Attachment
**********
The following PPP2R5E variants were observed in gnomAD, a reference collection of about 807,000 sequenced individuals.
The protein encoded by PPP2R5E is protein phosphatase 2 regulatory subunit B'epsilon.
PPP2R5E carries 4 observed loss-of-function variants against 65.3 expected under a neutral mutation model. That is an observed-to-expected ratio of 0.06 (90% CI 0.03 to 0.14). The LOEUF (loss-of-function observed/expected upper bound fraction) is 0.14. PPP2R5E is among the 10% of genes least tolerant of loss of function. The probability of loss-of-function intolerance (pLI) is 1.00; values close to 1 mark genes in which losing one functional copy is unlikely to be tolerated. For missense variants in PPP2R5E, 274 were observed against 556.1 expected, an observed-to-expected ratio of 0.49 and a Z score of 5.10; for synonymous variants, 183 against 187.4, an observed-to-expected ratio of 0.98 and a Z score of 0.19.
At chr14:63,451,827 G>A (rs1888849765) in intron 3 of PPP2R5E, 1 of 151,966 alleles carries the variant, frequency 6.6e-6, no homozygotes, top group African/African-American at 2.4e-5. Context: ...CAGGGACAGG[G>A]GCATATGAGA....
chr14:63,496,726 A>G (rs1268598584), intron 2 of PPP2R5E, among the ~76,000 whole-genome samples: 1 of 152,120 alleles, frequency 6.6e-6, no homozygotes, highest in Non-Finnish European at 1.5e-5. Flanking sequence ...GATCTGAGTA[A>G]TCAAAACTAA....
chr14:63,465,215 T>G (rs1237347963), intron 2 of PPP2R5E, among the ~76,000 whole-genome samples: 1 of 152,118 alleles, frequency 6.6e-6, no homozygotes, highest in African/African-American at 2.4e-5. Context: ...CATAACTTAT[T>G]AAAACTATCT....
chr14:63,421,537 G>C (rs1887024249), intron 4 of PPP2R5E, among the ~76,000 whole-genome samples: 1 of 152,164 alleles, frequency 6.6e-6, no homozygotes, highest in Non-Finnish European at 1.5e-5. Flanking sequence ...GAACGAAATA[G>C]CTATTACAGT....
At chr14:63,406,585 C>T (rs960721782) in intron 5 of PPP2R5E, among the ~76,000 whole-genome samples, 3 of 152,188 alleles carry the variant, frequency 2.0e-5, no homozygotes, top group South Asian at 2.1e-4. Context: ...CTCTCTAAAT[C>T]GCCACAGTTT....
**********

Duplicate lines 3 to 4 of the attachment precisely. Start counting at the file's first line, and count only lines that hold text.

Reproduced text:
PPP2R5E carries 4 observed loss-of-function variants against 65.3 expected under a neutral mutation model. That is an observed-to-expected ratio of 0.06 (90% CI 0.03 to 0.14). The LOEUF (loss-of-function observed/expected upper bound fraction) is 0.14. PPP2R5E is among the 10% of genes least tolerant of loss of function. The probability of loss-of-function intolerance (pLI) is 1.00; values close to 1 mark genes in which losing one functional copy is unlikely to be tolerated. For missense variants in PPP2R5E, 274 were observed against 556.1 expected, an observed-to-expected ratio of 0.49 and a Z score of 5.10; for synonymous variants, 183 against 187.4, an observed-to-expected ratio of 0.98 and a Z score of 0.19.
At chr14:63,451,827 G>A (rs1888849765) in intron 3 of PPP2R5E, 1 of 151,966 alleles carries the variant, frequency 6.6e-6, no homozygotes, top group African/African-American at 2.4e-5. Context: ...CAGGGACAGG[G>A]GCATATGAGA....